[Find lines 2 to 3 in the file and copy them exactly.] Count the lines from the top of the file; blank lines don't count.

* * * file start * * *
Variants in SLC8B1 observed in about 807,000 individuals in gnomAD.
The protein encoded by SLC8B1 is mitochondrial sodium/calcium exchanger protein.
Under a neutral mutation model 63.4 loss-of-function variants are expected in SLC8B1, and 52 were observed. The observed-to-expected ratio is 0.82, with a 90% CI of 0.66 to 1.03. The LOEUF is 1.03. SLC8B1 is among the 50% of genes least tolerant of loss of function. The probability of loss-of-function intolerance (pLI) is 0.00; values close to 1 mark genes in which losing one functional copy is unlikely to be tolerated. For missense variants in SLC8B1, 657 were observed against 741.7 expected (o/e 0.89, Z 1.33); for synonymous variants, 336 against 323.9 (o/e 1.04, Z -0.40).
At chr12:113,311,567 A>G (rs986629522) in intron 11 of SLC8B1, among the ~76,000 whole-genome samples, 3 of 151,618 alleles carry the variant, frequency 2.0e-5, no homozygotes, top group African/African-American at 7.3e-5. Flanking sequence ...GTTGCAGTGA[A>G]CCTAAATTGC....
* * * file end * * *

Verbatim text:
The protein encoded by SLC8B1 is mitochondrial sodium/calcium exchanger protein.
Under a neutral mutation model 63.4 loss-of-function variants are expected in SLC8B1, and 52 were observed. The observed-to-expected ratio is 0.82, with a 90% CI of 0.66 to 1.03. The LOEUF is 1.03. SLC8B1 is among the 50% of genes least tolerant of loss of function. The probability of loss-of-function intolerance (pLI) is 0.00; values close to 1 mark genes in which losing one functional copy is unlikely to be tolerated. For missense variants in SLC8B1, 657 were observed against 741.7 expected (o/e 0.89, Z 1.33); for synonymous variants, 336 against 323.9 (o/e 1.04, Z -0.40).